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'Stronger deterrent needed' after UK climate change protests

Extinction Rebellion protesters march from their camp in Marble Arch down Park Lane in London. More than 1,000 people have been arrested during the climate change protests in London as police cleared the roadblocks responsible for disruption in the capital. PRESS ASSOCIATION Photo. Picture date: Tuesday April 23, 2019. See PA story ENVIRONMENT Climate. Photo credit should read: Kirsty O'Connor/PA Wire

By Henry Vaughan, Press Association

Britain's most senior police officer has called on ministers to consider a change in the law, after climate change protests that cost her force an extra £7.5 million.

The Extinction Rebellion group brought parts of London to a standstill in April, with roadblocks at Waterloo Bridge, Oxford Circus and Marble Arch.

Metropolitan Police Commissioner Cressida Dick said that nearly 1,200 people were arrested - 89 more than once - with more than 70 of them charged, after 11 days of protests in the capital.

She told the London Assembly's police and crime committee that 30 police officers were still working full time to bring cases to the CPS and through the courts.

Ms Dick said the extra cost of policing the protests, including overtime, kit, cherry picker, and bringing officers in from other forces, was at least £7.5 million.

Deputy mayor for policing and crime in London, Sophie Linden, said a special grant application will be made to the Home Office to recoup the funds from the Government.

Ms Dick promised the Met would act faster to tackle similar protests in the future, but said "we are working with quite ancient laws".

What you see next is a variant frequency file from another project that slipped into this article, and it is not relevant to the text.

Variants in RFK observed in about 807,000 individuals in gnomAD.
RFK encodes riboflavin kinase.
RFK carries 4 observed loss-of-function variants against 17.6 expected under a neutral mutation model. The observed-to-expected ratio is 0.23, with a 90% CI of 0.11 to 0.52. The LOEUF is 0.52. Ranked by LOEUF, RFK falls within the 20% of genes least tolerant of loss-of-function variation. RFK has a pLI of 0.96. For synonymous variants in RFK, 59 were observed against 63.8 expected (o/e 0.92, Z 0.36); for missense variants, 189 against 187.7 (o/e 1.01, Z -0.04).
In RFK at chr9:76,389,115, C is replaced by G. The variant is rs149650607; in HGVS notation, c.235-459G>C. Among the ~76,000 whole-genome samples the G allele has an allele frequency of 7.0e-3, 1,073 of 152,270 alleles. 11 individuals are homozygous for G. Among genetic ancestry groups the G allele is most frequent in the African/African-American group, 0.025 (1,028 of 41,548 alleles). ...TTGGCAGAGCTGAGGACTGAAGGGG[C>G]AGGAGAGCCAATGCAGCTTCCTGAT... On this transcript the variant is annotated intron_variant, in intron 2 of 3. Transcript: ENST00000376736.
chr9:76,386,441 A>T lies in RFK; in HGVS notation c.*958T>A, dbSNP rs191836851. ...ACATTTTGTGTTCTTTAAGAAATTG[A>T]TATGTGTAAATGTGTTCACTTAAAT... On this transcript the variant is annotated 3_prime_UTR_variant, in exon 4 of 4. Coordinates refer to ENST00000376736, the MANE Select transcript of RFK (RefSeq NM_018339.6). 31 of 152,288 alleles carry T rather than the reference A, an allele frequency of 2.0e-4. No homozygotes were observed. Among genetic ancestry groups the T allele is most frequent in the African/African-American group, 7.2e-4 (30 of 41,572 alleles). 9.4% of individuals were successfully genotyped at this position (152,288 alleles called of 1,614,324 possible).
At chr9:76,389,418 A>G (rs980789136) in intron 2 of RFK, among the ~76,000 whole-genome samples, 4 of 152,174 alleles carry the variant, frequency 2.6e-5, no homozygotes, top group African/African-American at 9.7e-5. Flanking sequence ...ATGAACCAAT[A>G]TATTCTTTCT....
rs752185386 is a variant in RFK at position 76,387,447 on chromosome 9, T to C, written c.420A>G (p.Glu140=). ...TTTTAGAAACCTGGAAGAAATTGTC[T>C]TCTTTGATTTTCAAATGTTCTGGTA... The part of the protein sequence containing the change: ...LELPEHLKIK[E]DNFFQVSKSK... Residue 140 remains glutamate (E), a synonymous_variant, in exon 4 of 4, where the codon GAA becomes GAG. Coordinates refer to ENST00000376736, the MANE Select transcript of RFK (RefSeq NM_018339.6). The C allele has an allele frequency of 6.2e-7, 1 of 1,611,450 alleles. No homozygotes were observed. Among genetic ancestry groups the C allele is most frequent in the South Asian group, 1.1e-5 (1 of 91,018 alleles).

She said powers under the Public Order Act are "limited" and "very slow and cumbersome" to enact.

"Serious disruption is serious disruption. Nobody can think it is a good thing that anybody who fancies doing it could just stop business going on for a long time and then be subject to non-serious offence," she said.

"These were so-called peaceful, but in the case of Extinction Rebellion, certainly in the vast majority of cases, non-violent.

"They were unlawful, but the offences that they may have been charged with are summary only and not serious and therefore the deterrent is not strong.

"So that's another thing that needs to be looked at, as to whether there should be a stronger deterrent."

She said it will be a "matter for Parliament and the judiciary", adding that it is a "very difficult balancing act".

"I don't think this sort of disruption should be not serious," she added.

Ms Dick defended her force's response to the protests, but criticised officers who were photographed skateboarding and dancing with campaigners.

"This was not professional, they took it too far in the engagement and they have been advised," she said.

Pic by Kirsty O'Connor/PA Wire

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